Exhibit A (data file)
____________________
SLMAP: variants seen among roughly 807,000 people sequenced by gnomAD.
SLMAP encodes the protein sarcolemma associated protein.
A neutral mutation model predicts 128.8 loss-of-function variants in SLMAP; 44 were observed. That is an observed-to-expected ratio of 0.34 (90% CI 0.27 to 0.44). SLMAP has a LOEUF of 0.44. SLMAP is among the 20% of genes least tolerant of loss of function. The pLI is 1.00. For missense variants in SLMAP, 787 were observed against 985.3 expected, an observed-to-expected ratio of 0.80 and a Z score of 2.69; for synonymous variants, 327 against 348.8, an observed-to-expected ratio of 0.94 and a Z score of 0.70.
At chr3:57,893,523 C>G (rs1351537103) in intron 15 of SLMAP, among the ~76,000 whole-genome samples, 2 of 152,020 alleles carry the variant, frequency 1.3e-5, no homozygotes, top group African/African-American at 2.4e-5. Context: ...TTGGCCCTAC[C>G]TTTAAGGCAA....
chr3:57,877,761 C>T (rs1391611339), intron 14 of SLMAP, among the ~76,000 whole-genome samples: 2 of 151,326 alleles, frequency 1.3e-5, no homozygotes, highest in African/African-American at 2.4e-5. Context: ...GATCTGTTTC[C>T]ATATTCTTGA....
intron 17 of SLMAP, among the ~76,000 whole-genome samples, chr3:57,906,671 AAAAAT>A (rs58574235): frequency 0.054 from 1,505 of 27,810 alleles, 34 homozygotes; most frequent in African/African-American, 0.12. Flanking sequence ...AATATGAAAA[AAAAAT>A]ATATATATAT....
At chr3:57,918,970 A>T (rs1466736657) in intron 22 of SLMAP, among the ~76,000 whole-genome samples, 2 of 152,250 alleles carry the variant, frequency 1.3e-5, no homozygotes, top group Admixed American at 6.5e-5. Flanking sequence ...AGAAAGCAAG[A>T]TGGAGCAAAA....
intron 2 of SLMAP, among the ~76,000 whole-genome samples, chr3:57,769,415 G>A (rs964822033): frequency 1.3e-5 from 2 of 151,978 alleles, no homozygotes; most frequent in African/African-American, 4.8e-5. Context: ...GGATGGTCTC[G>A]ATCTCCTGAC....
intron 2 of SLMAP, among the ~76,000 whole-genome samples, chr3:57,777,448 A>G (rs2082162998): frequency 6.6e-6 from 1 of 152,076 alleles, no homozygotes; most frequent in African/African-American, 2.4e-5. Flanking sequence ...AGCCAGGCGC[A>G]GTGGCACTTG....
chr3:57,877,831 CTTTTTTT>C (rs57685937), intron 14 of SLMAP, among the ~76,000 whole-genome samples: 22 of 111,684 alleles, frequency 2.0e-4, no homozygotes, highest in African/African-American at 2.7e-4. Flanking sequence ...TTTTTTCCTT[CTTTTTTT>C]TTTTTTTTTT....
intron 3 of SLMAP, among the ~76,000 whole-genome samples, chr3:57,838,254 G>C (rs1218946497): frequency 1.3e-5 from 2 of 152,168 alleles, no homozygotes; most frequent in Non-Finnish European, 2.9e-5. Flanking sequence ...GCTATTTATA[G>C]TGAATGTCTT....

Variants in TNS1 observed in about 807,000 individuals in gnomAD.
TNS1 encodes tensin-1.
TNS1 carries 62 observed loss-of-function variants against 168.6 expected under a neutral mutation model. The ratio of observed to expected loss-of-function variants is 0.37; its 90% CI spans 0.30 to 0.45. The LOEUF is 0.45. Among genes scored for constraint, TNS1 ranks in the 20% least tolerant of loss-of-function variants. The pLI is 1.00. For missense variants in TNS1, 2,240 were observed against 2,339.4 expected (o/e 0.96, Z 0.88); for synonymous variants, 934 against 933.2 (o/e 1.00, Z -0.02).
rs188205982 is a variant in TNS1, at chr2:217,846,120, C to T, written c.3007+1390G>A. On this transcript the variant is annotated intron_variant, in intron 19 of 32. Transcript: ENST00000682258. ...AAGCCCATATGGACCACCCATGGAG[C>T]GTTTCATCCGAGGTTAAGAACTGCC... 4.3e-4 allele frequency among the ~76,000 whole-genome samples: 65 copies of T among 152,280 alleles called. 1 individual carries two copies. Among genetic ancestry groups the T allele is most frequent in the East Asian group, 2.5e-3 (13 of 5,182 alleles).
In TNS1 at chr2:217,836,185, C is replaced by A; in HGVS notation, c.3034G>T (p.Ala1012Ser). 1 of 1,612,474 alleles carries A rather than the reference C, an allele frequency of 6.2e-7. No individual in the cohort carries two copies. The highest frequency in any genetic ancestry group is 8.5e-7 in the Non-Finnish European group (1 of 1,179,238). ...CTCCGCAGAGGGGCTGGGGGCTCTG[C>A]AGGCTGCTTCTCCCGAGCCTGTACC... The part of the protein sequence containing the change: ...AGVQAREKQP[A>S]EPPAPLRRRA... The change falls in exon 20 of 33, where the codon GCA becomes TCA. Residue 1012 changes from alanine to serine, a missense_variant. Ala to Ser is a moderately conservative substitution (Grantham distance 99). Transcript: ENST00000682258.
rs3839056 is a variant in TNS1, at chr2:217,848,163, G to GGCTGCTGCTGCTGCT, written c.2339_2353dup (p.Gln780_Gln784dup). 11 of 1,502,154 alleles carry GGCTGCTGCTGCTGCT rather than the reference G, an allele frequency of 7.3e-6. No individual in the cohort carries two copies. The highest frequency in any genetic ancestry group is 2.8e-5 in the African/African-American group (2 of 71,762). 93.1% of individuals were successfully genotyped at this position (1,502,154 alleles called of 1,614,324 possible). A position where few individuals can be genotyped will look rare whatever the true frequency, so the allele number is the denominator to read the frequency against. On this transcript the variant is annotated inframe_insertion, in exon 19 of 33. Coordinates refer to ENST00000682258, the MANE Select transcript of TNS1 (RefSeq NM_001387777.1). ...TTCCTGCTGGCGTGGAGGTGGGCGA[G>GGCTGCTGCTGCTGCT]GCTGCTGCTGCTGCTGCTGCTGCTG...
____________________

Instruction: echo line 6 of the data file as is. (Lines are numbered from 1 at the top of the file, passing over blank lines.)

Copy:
intron 17 of SLMAP, among the ~76,000 whole-genome samples, chr3:57,906,671 AAAAAT>A (rs58574235): frequency 0.054 from 1,505 of 27,810 alleles, 34 homozygotes; most frequent in African/African-American, 0.12. Flanking sequence ...AATATGAAAA[AAAAAT>A]ATATATATAT....